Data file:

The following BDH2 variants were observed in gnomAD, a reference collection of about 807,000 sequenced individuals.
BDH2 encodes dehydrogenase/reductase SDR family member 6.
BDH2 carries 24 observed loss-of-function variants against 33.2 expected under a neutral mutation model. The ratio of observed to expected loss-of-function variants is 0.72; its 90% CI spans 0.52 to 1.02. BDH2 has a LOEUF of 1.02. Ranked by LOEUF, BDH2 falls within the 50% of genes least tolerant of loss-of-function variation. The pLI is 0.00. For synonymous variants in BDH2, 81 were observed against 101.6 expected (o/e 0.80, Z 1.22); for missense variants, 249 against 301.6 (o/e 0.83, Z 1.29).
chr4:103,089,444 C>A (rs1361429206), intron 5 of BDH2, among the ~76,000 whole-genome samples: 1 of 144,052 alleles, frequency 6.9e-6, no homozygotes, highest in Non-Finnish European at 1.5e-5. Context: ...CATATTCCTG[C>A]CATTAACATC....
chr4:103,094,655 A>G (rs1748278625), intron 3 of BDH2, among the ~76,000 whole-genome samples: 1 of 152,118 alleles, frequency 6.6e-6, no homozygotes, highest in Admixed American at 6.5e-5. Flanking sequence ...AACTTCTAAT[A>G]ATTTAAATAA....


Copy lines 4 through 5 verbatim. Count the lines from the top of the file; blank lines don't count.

chr4:103,089,444 C>A (rs1361429206), intron 5 of BDH2, among the ~76,000 whole-genome samples: 1 of 144,052 alleles, frequency 6.9e-6, no homozygotes, highest in Non-Finnish European at 1.5e-5. Context: ...CATATTCCTG[C>A]CATTAACATC....
chr4:103,094,655 A>G (rs1748278625), intron 3 of BDH2, among the ~76,000 whole-genome samples: 1 of 152,118 alleles, frequency 6.6e-6, no homozygotes, highest in Admixed American at 6.5e-5. Flanking sequence ...AACTTCTAAT[A>G]ATTTAAATAA....